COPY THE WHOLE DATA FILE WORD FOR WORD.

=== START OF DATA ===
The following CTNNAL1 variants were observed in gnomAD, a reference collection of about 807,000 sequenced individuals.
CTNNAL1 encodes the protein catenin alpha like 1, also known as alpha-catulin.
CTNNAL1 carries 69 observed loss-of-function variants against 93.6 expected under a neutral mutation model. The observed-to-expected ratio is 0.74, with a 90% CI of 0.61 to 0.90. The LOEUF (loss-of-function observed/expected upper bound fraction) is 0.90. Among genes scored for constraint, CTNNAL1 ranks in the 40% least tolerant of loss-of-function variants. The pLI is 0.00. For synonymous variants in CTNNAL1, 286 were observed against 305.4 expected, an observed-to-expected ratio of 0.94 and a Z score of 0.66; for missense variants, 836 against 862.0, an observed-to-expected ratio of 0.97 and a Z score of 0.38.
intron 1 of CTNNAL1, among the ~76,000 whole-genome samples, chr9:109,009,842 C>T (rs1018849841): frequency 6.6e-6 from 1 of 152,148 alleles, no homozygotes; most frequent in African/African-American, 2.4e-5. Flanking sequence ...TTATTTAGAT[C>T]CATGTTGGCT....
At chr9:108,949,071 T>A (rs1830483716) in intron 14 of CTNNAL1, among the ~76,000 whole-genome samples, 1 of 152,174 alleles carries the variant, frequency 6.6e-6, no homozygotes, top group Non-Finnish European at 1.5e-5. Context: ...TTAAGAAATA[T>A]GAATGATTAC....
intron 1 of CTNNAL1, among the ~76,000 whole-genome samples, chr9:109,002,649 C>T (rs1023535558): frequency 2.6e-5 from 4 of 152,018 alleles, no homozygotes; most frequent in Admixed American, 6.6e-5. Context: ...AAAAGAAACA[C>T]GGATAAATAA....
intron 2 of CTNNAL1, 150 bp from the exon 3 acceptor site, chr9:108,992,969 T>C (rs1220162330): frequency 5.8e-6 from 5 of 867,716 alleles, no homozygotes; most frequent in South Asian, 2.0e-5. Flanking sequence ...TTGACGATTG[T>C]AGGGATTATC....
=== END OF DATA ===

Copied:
The following CTNNAL1 variants were observed in gnomAD, a reference collection of about 807,000 sequenced individuals.
CTNNAL1 encodes the protein catenin alpha like 1, also known as alpha-catulin.
CTNNAL1 carries 69 observed loss-of-function variants against 93.6 expected under a neutral mutation model. The observed-to-expected ratio is 0.74, with a 90% CI of 0.61 to 0.90. The LOEUF (loss-of-function observed/expected upper bound fraction) is 0.90. Among genes scored for constraint, CTNNAL1 ranks in the 40% least tolerant of loss-of-function variants. The pLI is 0.00. For synonymous variants in CTNNAL1, 286 were observed against 305.4 expected, an observed-to-expected ratio of 0.94 and a Z score of 0.66; for missense variants, 836 against 862.0, an observed-to-expected ratio of 0.97 and a Z score of 0.38.
intron 1 of CTNNAL1, among the ~76,000 whole-genome samples, chr9:109,009,842 C>T (rs1018849841): frequency 6.6e-6 from 1 of 152,148 alleles, no homozygotes; most frequent in African/African-American, 2.4e-5. Flanking sequence ...TTATTTAGAT[C>T]CATGTTGGCT....
At chr9:108,949,071 T>A (rs1830483716) in intron 14 of CTNNAL1, among the ~76,000 whole-genome samples, 1 of 152,174 alleles carries the variant, frequency 6.6e-6, no homozygotes, top group Non-Finnish European at 1.5e-5. Context: ...TTAAGAAATA[T>A]GAATGATTAC....
intron 1 of CTNNAL1, among the ~76,000 whole-genome samples, chr9:109,002,649 C>T (rs1023535558): frequency 2.6e-5 from 4 of 152,018 alleles, no homozygotes; most frequent in Admixed American, 6.6e-5. Context: ...AAAAGAAACA[C>T]GGATAAATAA....
intron 2 of CTNNAL1, 150 bp from the exon 3 acceptor site, chr9:108,992,969 T>C (rs1220162330): frequency 5.8e-6 from 5 of 867,716 alleles, no homozygotes; most frequent in South Asian, 2.0e-5. Flanking sequence ...TTGACGATTG[T>C]AGGGATTATC....